I see this argument all the time, in any context, from people who want allowed what the 1st Amendment plainly forbids- religion in government. The idea is that the wall of separation is some sort of magical one-way wall that allows their church whatever influence they desire in government (usually involving social issues, i.e., other people’s business), but forbidding the vice-versa. Your Madison quotes from ” Ken Ham Unhinged: Creationism & Theocracy Too” pretty effectively dispose of that silly interpretation of the FF’s intentions, but that won’t stop the meme. You’re arguing with people who believe that God’s rhetorical questions to Job are evidence for Creationism, and who reference the bible to prove the truth of what the bible says.

  3. Just to check the creationist quotes, in this case his paraphrases, I went to Job and read the referenced verses. No where in the verses is there a reference to tilting the earth to give seasons, as the letter writer alleges. In fact, the verses very clearly indicate a flat earth.

    Actually, it’s an interesting read http://www.biblegateway.com/passage/?search=Job+38-41&version=NIV and describes what the biblical author, and probably most people of the time, thought magical and interesting. It’s also quite poetic. Definitely no tilt to the flat earth, though, for seasons or otherwise.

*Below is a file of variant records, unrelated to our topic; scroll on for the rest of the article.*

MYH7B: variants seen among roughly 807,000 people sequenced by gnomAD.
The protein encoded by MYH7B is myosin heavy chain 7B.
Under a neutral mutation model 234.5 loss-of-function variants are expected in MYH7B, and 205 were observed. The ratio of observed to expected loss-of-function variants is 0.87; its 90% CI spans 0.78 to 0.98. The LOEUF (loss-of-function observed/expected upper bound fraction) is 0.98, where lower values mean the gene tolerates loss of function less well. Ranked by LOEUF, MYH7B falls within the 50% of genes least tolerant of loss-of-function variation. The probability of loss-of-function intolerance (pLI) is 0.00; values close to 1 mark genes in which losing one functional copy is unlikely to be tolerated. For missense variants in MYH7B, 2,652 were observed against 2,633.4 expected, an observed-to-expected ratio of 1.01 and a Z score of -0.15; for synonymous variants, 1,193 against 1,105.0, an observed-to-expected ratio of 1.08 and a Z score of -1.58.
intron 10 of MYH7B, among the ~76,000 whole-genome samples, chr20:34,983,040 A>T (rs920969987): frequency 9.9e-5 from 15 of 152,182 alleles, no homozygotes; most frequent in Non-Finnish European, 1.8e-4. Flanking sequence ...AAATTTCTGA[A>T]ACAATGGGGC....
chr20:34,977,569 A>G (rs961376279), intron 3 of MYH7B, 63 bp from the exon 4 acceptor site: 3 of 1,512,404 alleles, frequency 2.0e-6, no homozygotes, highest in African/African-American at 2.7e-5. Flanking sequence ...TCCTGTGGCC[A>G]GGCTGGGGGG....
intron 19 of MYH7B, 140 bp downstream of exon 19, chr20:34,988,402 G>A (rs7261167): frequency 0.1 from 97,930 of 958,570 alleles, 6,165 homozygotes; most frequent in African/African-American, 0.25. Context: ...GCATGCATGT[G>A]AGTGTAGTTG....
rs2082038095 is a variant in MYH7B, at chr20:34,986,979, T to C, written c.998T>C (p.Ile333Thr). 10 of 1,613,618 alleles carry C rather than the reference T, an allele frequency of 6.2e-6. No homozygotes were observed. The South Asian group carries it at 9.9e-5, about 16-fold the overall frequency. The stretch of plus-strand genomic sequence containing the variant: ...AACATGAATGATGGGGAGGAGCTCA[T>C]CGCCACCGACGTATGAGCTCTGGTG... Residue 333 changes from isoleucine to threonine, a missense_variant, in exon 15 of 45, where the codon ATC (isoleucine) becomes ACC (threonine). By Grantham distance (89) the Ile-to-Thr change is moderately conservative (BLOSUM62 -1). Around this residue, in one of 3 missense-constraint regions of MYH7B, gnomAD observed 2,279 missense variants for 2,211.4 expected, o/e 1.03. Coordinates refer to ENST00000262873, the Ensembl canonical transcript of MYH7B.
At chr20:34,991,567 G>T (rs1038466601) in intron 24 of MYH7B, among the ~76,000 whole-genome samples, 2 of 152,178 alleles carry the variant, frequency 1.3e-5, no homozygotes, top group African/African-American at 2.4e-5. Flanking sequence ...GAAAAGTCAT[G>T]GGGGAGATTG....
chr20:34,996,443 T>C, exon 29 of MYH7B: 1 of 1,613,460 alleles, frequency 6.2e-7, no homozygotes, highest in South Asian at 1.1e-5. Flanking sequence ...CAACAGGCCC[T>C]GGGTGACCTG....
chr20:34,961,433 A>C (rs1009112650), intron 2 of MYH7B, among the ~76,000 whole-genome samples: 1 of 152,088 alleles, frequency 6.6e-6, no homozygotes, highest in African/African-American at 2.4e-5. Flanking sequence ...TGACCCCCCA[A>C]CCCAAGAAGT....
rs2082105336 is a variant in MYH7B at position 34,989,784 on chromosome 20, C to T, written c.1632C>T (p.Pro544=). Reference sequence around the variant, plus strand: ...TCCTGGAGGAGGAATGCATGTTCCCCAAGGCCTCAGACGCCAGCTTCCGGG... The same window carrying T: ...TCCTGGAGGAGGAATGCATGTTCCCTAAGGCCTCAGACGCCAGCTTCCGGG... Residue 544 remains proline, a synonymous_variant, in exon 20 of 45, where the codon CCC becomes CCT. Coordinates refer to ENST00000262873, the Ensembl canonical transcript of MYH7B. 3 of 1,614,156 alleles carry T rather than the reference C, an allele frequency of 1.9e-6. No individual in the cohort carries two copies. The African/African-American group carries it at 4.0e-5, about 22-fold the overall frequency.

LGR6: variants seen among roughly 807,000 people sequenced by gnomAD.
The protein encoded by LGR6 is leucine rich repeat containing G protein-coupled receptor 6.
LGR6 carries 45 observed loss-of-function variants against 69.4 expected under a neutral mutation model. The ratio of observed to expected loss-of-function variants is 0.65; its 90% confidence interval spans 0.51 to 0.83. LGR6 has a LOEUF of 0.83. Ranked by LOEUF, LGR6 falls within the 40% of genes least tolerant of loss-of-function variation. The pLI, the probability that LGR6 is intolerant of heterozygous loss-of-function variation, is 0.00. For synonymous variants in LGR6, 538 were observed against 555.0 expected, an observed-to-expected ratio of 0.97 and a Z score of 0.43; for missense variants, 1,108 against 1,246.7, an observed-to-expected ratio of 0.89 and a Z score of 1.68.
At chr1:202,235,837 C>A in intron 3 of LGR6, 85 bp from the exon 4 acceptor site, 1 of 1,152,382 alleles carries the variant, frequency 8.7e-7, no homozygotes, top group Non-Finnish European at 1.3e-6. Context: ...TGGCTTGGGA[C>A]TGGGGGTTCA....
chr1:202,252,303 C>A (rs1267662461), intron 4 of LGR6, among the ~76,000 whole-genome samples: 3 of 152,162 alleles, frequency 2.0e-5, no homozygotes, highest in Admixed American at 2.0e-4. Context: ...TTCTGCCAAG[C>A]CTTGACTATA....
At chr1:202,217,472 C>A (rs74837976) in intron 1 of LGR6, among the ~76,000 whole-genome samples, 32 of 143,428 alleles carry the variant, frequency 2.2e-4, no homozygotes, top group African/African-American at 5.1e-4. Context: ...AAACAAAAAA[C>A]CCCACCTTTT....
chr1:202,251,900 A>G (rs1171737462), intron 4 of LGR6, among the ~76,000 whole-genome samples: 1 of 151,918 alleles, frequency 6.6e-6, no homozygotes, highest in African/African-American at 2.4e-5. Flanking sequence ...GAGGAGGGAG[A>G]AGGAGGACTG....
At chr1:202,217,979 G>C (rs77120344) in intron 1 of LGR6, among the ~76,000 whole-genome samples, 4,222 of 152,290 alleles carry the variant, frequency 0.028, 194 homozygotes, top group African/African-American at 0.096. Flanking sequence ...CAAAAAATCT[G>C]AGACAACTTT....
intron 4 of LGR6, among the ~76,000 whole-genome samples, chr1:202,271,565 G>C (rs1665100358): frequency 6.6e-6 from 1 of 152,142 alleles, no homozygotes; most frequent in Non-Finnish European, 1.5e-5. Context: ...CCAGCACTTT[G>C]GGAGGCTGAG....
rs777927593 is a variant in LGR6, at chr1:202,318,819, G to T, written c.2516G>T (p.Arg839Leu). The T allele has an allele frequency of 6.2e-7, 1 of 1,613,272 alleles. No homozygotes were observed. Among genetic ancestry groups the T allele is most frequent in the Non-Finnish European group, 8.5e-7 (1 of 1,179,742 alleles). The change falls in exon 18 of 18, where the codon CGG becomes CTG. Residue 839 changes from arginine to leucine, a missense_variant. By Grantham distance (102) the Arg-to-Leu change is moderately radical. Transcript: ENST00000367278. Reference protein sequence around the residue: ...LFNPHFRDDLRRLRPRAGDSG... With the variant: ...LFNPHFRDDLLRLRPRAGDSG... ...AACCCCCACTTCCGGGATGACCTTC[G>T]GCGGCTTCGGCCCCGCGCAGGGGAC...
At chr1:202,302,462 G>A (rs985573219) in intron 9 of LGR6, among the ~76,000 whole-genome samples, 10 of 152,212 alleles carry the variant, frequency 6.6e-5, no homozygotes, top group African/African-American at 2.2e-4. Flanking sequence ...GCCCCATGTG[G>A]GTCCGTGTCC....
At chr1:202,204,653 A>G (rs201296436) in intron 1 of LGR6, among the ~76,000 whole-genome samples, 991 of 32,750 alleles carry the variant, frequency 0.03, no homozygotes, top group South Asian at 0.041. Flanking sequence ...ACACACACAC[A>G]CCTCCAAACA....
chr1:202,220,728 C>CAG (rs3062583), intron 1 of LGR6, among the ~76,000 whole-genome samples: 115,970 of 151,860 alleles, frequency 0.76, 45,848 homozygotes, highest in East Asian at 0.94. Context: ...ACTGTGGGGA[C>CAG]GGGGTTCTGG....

I do have some advice to the letter writer though. Exposure to Genesis is unlikely to impart an impression of a god’s amazing grace. The entire chapter is almost continuous punishment for one thing or another, whether by bringing death to the world, committing worldwide genocide, or minor curses like plagues and random ordered killings. Pretty much zero grace in Genesis.

  4. The letter writer: “It is a radical belief to think that life started when lightning struck a mud-puddle.”

    And a strawman, which I suspect that the letter writer knows and pretends not to. Like the Curmudgeon’s “Retard-o-tron” I have a “Scam-o-tron” that goes off when a certain theshhold of parroted nonsense suggests that the parroter is at least partly aware that it is nonsense.

    Anyway, continuimg from the WND thread as promised, the fact is – and again I suspect the letter writer knows and just pretends not to – students already can and do decide to believe whatever they want, however falsified, mutually-contradictory, unfalsifiable it may be. They just can’t get credit for it on tests at taxpater expense. And no one is forcing their parents to send them to public school. In fact most of these “bleeding hearts” either home-school their kids or send them to fundamentalist schools – where they are not allowed to decide.

    Sorry, I won’t buy you a new irony meter.

  5. Not surprising that the comments to his opinion piece are both antagonistic to his ideas. Columbus is not known as a bastion of conservatism (although the state, as a whole, might be). Nobletucky, I mean Noblesville, is considered the True Bastion of Conservative Thought. Regardless, it’s nice to get these letters. Lets me know the good citizens of my home state are not shy about expressing their feelings.
    Regardless of just how flat-out insane and wrong they are.